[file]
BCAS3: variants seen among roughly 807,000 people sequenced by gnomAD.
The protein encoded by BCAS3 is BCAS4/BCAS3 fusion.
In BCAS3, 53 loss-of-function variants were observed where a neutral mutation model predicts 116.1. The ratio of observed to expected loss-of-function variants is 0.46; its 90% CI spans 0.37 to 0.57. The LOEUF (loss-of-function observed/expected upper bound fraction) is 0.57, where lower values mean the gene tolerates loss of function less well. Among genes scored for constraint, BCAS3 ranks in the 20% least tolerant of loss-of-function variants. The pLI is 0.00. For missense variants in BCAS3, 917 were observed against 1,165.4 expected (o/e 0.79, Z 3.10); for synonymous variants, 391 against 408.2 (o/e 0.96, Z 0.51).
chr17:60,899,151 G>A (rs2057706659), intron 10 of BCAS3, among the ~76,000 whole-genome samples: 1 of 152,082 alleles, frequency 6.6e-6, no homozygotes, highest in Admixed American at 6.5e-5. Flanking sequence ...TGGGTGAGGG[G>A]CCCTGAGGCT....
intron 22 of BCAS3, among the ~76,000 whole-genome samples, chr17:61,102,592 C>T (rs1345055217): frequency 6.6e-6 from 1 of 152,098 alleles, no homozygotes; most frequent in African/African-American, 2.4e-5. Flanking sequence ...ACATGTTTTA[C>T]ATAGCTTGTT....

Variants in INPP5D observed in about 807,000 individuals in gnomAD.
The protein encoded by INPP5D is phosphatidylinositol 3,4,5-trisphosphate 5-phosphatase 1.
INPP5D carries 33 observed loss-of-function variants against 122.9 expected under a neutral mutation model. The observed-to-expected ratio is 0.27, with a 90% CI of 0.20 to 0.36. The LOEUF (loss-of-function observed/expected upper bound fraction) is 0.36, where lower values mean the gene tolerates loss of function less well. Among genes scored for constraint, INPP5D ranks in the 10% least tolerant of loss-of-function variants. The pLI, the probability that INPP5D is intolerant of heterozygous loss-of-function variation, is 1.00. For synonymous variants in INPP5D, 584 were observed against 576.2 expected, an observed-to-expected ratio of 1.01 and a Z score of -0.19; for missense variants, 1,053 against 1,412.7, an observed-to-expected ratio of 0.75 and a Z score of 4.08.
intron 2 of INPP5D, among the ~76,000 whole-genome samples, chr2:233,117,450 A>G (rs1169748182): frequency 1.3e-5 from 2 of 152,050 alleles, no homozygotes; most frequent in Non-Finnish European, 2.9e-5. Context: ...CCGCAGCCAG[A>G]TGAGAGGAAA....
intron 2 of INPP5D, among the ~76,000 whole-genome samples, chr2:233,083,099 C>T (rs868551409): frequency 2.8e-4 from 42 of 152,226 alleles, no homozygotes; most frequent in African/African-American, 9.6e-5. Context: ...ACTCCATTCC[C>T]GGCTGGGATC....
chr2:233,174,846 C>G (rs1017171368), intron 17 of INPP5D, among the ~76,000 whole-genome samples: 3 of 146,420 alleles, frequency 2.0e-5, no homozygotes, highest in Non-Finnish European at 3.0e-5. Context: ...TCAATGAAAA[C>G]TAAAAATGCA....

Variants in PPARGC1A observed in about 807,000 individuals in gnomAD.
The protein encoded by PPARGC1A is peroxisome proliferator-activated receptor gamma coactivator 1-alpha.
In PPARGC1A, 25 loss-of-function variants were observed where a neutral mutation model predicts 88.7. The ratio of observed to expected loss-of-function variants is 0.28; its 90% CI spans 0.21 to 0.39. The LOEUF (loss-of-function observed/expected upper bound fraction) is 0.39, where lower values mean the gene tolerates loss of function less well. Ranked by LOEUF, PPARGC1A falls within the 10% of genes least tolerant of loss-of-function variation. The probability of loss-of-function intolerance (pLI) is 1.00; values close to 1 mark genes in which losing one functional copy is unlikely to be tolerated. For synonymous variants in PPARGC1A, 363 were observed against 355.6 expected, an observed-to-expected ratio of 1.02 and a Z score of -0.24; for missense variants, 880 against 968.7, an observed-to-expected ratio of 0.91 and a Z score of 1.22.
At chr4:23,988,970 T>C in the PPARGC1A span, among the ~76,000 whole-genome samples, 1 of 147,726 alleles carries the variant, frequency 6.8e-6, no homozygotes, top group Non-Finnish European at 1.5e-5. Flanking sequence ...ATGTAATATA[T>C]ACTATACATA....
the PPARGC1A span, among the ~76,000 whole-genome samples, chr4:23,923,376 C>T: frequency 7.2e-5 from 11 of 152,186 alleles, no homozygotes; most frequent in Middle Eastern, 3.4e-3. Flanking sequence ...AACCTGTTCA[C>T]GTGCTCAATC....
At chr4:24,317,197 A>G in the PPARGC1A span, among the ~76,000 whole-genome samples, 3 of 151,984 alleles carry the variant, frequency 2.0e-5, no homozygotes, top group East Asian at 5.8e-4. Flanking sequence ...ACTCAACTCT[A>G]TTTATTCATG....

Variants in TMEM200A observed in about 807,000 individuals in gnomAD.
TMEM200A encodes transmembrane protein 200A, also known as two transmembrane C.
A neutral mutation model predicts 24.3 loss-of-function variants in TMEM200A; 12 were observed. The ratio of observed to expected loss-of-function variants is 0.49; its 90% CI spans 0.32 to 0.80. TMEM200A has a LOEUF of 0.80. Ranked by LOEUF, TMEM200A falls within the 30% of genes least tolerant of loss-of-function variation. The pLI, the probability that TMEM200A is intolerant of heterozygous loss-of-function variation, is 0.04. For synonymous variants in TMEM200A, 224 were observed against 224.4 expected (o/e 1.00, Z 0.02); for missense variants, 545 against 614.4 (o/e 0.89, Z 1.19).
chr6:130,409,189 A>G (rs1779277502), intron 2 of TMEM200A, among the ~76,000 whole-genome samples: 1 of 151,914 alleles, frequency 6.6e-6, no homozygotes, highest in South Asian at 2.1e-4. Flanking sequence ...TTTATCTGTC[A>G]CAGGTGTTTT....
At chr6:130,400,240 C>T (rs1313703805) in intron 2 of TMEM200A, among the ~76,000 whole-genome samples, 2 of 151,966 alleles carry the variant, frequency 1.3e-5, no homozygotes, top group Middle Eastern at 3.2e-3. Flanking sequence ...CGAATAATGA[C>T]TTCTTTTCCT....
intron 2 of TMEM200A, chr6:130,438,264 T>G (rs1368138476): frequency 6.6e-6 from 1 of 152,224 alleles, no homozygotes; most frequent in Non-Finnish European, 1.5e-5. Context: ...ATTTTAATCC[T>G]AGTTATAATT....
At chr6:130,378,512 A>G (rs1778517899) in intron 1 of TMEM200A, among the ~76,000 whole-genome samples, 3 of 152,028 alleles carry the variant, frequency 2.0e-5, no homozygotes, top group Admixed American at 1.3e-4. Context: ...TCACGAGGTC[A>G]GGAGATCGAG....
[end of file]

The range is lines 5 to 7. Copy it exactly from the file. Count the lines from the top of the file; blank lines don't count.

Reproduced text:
intron 22 of BCAS3, among the ~76,000 whole-genome samples, chr17:61,102,592 C>T (rs1345055217): frequency 6.6e-6 from 1 of 152,098 alleles, no homozygotes; most frequent in African/African-American, 2.4e-5. Flanking sequence ...ACATGTTTTA[C>T]ATAGCTTGTT....

Variants in INPP5D observed in about 807,000 individuals in gnomAD.
The protein encoded by INPP5D is phosphatidylinositol 3,4,5-trisphosphate 5-phosphatase 1.